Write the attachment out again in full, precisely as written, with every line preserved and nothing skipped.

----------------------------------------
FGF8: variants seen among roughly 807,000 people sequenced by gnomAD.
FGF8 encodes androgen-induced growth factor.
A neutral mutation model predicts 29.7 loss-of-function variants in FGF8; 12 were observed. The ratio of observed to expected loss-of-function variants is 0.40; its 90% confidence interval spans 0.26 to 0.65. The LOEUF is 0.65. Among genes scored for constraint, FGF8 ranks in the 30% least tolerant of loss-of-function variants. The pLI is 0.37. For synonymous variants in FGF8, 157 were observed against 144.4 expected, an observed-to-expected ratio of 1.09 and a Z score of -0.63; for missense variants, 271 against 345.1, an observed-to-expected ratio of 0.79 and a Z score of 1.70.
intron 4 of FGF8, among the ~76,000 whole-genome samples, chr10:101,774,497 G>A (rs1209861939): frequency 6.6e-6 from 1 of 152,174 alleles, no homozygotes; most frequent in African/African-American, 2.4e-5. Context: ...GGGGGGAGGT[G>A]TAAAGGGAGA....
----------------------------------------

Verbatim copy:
FGF8: variants seen among roughly 807,000 people sequenced by gnomAD.
FGF8 encodes androgen-induced growth factor.
A neutral mutation model predicts 29.7 loss-of-function variants in FGF8; 12 were observed. The ratio of observed to expected loss-of-function variants is 0.40; its 90% confidence interval spans 0.26 to 0.65. The LOEUF is 0.65. Among genes scored for constraint, FGF8 ranks in the 30% least tolerant of loss-of-function variants. The pLI is 0.37. For synonymous variants in FGF8, 157 were observed against 144.4 expected, an observed-to-expected ratio of 1.09 and a Z score of -0.63; for missense variants, 271 against 345.1, an observed-to-expected ratio of 0.79 and a Z score of 1.70.
intron 4 of FGF8, among the ~76,000 whole-genome samples, chr10:101,774,497 G>A (rs1209861939): frequency 6.6e-6 from 1 of 152,174 alleles, no homozygotes; most frequent in African/African-American, 2.4e-5. Context: ...GGGGGGAGGT[G>A]TAAAGGGAGA....